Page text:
Almost 170 irregular migrants held in Turkey

World Faizah Kamal 11-Feb-2020
Migrant boat
ID 137099028 © Vampy1 | Dreamstime.com

On February 10, Turkish security forces held 168 irregular migrants who were attempting to cross into Europe through the country’s Aegean Balikesir province and northwestern Edirne province, the state-run news agency, Anadolu Agency reported.

Sources said Turkish coast guard teams who were patrolling in the Aegean noticed a group of people trying to get to the Greek island of Lesbos. The guards intercepted the boat and held the migrants, who asked not to be named due to restrictions on speaking to the media.

Among the migrants were nationals of Afghanistan, Somalia, Gambia, Togo, and Mali. They were later transferred to provincial migration offices for legal processing.

In Edirne, the provincial gendarmerie forces and police officers conducted operations against those seeking to enter Europe illegally. Among the group of migrants retained were nationals of Palestine, Eritrea, Bangladesh, Morocco, Syria, Iran, Pakistan and Afghanistan. They were also later transferred to provincial migration offices.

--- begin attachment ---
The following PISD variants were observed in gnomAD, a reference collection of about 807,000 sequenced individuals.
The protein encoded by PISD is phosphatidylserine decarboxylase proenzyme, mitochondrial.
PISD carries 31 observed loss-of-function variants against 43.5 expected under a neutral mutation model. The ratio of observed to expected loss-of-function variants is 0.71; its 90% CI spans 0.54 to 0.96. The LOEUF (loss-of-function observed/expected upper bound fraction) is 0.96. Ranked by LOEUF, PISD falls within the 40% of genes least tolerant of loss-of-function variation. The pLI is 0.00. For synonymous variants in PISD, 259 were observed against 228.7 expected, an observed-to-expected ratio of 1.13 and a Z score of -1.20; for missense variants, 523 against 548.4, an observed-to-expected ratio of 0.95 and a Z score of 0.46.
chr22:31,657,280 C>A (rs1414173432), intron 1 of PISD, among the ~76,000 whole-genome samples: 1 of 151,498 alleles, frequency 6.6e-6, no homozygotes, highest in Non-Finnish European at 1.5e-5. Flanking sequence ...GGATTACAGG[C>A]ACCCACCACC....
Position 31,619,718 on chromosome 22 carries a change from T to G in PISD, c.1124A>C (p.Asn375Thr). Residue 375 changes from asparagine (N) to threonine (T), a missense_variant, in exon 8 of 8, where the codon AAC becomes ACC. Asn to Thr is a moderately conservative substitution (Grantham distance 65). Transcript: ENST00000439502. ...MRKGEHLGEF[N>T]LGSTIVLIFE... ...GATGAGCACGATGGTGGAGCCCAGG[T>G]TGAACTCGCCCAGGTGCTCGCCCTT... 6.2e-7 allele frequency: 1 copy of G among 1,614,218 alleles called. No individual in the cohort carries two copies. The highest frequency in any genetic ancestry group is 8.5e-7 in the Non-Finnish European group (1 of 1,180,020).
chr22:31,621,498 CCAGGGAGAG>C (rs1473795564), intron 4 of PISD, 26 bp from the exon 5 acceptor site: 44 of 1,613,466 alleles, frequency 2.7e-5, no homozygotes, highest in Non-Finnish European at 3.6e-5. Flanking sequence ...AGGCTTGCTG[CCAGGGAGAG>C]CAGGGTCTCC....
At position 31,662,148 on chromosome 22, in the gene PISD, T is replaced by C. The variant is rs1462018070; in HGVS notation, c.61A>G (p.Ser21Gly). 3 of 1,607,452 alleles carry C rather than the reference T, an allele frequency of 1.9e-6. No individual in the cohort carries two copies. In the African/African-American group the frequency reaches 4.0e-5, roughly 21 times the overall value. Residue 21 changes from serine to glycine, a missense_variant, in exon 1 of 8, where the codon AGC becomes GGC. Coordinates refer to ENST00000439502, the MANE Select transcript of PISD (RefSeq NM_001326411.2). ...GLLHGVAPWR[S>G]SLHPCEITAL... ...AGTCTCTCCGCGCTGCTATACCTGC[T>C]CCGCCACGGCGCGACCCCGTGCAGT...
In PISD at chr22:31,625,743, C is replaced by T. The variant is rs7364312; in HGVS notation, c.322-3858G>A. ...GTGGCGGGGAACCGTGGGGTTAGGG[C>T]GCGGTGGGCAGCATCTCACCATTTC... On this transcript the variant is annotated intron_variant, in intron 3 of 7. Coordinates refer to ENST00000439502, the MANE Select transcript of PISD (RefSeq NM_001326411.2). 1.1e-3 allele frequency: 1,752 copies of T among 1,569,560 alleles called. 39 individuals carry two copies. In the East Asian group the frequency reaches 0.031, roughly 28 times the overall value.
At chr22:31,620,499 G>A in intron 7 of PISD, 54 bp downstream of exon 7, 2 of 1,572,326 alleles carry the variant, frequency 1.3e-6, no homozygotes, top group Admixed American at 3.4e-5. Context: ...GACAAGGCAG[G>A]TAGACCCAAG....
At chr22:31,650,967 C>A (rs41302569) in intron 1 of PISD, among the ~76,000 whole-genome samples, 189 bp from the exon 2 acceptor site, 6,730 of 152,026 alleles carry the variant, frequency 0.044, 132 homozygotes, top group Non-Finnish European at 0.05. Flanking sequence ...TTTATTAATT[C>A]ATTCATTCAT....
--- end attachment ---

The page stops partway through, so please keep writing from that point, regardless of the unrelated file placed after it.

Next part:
In addition, the gendarmes found a body and rescued a person showing symptoms of hypothermia from the Martisa River which flows through Greece to Edirne. Rescuers said they were possibly trying to swim to Europe through the river.

Turkey’s Edirne province, which borders Greece and Bulgaria, is a key transit point for irregular migrants aiming to start new lives in Europe, especially those fleeing war and persecution. However, strict monitoring by security forces prevents them to cross to the continent.

In 2019, Turkish authorities held a record of 454,662 irregular migrants across the country, with approximately 60,000 found as they were travelling across the Mediterranean Sea.

As many as 268,000 irregular migrants were held in Turkey in 2018, 175,000 each in 2017 and 2016, and 146,000 in 2015.

About 28,000 human traffickers have also been rounded up by the authorities in the past five years.